The school search should be an intensely private, personal, and family discussion, not one for the soccer sidelines. The comparisons made there are not meaningful. Have your 8th grader participate in the conversation. When they are able to articulate why they want to go to a particular high school, then you can sleep well as a parent because you know they own their learning and have become a self-aware person. —Mike
You’re going to come out [of Inly Middle School] with formed people. —Sally
You have to trust your gut and do what works for your whole family. —Tina Morris P’11
I like to tell families that this admissions process—how to take a self inventory, how to research options, how to make decisions—is one they will use many times in their lives. You will get to practice it for high school, college, and every job search. So look at it from that angle. —Jon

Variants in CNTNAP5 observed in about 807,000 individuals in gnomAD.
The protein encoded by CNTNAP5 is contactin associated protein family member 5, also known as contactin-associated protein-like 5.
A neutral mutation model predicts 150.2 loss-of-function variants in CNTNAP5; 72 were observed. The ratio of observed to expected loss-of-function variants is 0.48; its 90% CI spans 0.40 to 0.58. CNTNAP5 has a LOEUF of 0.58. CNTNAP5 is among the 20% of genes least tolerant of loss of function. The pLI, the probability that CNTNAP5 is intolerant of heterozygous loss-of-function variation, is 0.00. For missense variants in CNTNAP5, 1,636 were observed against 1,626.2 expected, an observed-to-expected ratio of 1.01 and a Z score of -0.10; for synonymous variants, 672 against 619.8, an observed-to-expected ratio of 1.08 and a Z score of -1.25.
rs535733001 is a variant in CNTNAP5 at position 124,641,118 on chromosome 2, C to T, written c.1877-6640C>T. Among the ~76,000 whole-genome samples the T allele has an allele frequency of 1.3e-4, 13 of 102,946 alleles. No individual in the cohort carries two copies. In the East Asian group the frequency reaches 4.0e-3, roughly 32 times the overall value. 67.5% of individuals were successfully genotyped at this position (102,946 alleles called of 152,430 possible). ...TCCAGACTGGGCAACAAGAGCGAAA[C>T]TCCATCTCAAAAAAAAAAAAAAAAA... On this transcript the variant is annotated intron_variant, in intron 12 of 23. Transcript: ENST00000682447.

Inly Middle School students have matriculated to the following high schools:
Avon Old Farms School (CT)
Beaver Country Day School
Boston College High School
Boston University Academy
Brewster Academy (NH)
Cambridge School of Weston
Cape Cod Academy
Catholic Memorial High School
Cohasset High School
Dana Hall School
Davidson High School (NC)
Dublin School (NH)
Duxbury High School
Hanover High School
Hingham High School
Hull High School
Marshfield High School
Norfolk County Agricultural School
Northwood School (NY)
Norwell High School
Notre Dame Academy
Phillips Exeter Academy (NH)
Proctor Academy (NH)
Rising Tide Charter Public School
Sacred Heart High School
Scituate High School
South Shore Public Charter School
South Shore Vocational Technical High School
St. George’s School (RI)
St. Sebastian’s School
The Winsor School
Verde Valley School (AZ)
Vermont Academy (VT)
Woodward School for Girls
Xaverian Brothers High School